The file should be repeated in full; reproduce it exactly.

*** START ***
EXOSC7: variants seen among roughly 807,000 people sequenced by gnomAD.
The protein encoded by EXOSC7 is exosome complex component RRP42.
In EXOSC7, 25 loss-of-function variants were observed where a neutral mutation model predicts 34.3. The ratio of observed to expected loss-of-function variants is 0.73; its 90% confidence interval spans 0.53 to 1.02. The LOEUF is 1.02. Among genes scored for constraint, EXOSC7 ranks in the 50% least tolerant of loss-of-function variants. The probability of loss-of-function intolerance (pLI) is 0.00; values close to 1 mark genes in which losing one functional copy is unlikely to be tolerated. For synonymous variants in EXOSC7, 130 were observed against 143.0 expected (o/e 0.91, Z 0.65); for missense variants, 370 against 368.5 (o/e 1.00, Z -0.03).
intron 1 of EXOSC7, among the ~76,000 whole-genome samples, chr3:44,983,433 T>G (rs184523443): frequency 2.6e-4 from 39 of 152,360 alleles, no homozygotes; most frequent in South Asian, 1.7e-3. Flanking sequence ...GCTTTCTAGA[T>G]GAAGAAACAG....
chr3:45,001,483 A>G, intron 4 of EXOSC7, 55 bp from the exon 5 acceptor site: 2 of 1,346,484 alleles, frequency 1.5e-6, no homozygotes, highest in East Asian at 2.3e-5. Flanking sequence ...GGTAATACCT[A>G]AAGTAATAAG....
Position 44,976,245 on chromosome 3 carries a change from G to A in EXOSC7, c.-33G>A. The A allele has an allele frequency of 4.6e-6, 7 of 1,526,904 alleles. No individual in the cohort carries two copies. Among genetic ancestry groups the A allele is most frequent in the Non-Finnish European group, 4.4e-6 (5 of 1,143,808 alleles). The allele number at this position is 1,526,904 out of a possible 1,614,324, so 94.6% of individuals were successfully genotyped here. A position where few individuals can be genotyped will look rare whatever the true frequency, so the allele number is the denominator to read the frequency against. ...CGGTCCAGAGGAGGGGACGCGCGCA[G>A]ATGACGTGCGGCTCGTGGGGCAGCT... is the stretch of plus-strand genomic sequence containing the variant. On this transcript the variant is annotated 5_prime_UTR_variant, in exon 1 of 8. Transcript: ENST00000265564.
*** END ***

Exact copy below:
EXOSC7: variants seen among roughly 807,000 people sequenced by gnomAD.
The protein encoded by EXOSC7 is exosome complex component RRP42.
In EXOSC7, 25 loss-of-function variants were observed where a neutral mutation model predicts 34.3. The ratio of observed to expected loss-of-function variants is 0.73; its 90% confidence interval spans 0.53 to 1.02. The LOEUF is 1.02. Among genes scored for constraint, EXOSC7 ranks in the 50% least tolerant of loss-of-function variants. The probability of loss-of-function intolerance (pLI) is 0.00; values close to 1 mark genes in which losing one functional copy is unlikely to be tolerated. For synonymous variants in EXOSC7, 130 were observed against 143.0 expected (o/e 0.91, Z 0.65); for missense variants, 370 against 368.5 (o/e 1.00, Z -0.03).
intron 1 of EXOSC7, among the ~76,000 whole-genome samples, chr3:44,983,433 T>G (rs184523443): frequency 2.6e-4 from 39 of 152,360 alleles, no homozygotes; most frequent in South Asian, 1.7e-3. Flanking sequence ...GCTTTCTAGA[T>G]GAAGAAACAG....
chr3:45,001,483 A>G, intron 4 of EXOSC7, 55 bp from the exon 5 acceptor site: 2 of 1,346,484 alleles, frequency 1.5e-6, no homozygotes, highest in East Asian at 2.3e-5. Flanking sequence ...GGTAATACCT[A>G]AAGTAATAAG....
Position 44,976,245 on chromosome 3 carries a change from G to A in EXOSC7, c.-33G>A. The A allele has an allele frequency of 4.6e-6, 7 of 1,526,904 alleles. No individual in the cohort carries two copies. Among genetic ancestry groups the A allele is most frequent in the Non-Finnish European group, 4.4e-6 (5 of 1,143,808 alleles). The allele number at this position is 1,526,904 out of a possible 1,614,324, so 94.6% of individuals were successfully genotyped here. A position where few individuals can be genotyped will look rare whatever the true frequency, so the allele number is the denominator to read the frequency against. ...CGGTCCAGAGGAGGGGACGCGCGCA[G>A]ATGACGTGCGGCTCGTGGGGCAGCT... is the stretch of plus-strand genomic sequence containing the variant. On this transcript the variant is annotated 5_prime_UTR_variant, in exon 1 of 8. Transcript: ENST00000265564.